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Protest Planned During FCC Merger Review

The forthcoming Democratic and Republican national conventions are not the only gatherings bracing for massive protests.

The Consumer Project on Technology plans to rally a massive protest at the Federal Communications Commission meeting scheduled for Thursday.

The Green Party's presidential nominee, Ralph Nader, founded the CPT in 1995.

Dubbed the "Protect the Internet" protest, the CPT is organizing a rally to focus on the FCC's continued refusal to establish a national broadband policy in support of "open access."

The July 27th demonstration will take place outside of the FCC's offices and coincide with the Commission's hearing on the proposed America Online Inc. and Time-Warner Inc. merger.

CPT contends that most residential consumers currently have two choices for broadband Internet connectivity, digital subscriber line access or cable modem services. The group argues that DSL operators, because they employ telephone lines, are required by the FCC to open up their networks to competing Internet service providers. Meanwhile, plants are not obliged to share their networks with rivals.

Last week, American Online and Time Warner announced they would test a shared cable system in Columbus, Ohio. Earlier in the year, Excite@Home released its "Memorandum of Understanding" with the approval of AT&T Corp. stating that the companies supported "open access" and would provide competitive access on its networks when an exclusive contract expires in two years.

Excite@Home lended credibility to the memo by signing an agreement with MindSpring Enterprises Inc. to share its high-speed cable connectivity when exclusivity is no longer an issue for the firm.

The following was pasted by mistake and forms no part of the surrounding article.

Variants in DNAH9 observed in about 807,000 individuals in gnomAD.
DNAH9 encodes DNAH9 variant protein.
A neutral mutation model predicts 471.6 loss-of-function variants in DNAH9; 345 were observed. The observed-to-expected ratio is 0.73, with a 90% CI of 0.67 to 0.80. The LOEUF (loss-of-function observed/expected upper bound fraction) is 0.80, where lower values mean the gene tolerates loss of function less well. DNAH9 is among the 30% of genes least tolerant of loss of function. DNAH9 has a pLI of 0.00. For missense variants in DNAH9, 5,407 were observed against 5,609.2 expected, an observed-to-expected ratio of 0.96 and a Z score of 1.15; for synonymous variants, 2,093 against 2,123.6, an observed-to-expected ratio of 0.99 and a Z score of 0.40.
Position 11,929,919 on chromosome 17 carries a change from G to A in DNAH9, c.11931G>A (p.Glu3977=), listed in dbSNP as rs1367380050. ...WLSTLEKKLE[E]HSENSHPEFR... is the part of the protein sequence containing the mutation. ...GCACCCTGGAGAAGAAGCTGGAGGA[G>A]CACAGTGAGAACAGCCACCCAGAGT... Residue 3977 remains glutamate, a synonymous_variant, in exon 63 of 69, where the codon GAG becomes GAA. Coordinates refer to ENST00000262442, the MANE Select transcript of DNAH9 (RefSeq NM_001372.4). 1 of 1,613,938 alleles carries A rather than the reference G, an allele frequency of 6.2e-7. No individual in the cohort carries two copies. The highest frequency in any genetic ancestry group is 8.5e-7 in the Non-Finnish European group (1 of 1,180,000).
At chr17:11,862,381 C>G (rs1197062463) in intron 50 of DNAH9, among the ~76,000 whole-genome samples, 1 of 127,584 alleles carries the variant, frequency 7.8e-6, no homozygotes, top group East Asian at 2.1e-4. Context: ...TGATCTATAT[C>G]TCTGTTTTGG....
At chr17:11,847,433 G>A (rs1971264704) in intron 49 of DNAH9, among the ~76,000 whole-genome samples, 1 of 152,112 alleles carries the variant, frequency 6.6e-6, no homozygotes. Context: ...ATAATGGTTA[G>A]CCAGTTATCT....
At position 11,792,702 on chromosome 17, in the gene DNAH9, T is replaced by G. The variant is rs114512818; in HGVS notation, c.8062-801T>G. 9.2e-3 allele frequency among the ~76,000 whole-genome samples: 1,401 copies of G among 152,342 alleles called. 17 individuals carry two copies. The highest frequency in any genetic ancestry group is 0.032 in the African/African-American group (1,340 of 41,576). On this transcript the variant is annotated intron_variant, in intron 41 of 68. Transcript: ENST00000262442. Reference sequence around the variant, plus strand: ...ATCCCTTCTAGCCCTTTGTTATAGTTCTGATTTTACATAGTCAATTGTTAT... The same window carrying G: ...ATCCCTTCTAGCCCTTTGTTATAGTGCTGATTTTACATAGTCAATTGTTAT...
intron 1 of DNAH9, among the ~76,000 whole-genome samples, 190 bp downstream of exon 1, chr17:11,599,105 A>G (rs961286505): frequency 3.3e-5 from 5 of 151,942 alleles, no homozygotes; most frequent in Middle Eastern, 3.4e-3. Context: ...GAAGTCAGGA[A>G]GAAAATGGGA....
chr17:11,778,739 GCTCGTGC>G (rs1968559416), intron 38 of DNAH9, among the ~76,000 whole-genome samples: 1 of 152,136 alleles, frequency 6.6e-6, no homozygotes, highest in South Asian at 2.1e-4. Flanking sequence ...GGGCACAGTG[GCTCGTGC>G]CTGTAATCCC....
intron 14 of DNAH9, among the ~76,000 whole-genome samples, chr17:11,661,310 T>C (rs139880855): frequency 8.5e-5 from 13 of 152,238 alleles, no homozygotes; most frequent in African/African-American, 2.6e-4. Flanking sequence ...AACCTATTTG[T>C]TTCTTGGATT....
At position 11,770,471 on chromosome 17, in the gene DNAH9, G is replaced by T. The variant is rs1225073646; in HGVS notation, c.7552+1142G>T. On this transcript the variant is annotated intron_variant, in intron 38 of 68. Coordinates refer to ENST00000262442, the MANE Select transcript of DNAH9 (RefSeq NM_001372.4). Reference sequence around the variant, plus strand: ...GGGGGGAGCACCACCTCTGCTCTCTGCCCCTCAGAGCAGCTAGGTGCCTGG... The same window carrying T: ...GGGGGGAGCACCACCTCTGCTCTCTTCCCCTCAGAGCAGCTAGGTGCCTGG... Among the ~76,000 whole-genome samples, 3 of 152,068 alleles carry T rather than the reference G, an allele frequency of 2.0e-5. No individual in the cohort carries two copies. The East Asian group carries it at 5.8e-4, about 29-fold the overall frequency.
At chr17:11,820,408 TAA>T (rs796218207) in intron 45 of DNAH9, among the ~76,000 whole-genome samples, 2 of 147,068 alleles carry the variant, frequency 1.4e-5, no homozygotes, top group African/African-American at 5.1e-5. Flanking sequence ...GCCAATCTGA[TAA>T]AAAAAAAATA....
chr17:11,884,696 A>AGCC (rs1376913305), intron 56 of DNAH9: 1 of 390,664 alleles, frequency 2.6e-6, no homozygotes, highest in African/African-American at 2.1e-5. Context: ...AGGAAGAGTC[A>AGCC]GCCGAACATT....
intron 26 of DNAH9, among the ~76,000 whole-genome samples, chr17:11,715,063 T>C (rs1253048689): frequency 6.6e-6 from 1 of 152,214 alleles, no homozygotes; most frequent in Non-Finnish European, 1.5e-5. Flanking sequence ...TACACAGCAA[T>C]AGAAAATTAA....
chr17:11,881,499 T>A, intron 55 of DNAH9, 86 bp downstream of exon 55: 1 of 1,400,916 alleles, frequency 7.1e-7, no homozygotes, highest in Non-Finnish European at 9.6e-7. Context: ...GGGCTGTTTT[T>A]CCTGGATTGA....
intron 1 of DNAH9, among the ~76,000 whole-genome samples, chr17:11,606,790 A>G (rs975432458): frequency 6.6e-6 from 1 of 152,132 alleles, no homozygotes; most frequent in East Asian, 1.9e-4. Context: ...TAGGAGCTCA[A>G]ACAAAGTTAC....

CPT accepts that cable operators have announced a variety of plans to build an infrastructure that would share ISP access, but that it would provide different levels of service for their banded services over rival content providers.

According to the CPT, the history of the cable service is to discriminate in favor of affiliated services, and to use bottlenecks to influence the distribution of video content. Now cable operators want the freedom to speed up access to affiliated or favored Internet content, while deliberately putting others on a slower service.

The group cites a 1999 Cisco Systems Inc. study titled, Controlling Your Network - A Must for Cable Operators. According to Cisco , the primary firm providing hardware and software for the proprietary cable platforms system operators will be able to restrict the incoming push broadcasts from competitors as well as subscribers' outgoing access to the push information site to discourage its use.

While the Cisco White Paper is of interest to cable operators, modem-based routing is wholly capable of performing the same type of packet prioritization, regardless of the communications platform used for transport over the Internet.

James Love, CDT director, said the FCC should not trust big business. Federal regulators should do their jobs and protect consumers and the Internet.

"I think the FCC's approach is we trust AT&T, we trust Time Warner, we trust AOL," Love said. "We feel the government needs to do their job and start protecting protect open access and the Internet."

Love added that the rush to deploy broadband systems has placed the regulatory cart before the horse.

"I think the idea that you build a network and sort out the regulatory issues later is a mistake," Love said. "In this case the FCC has to start out with



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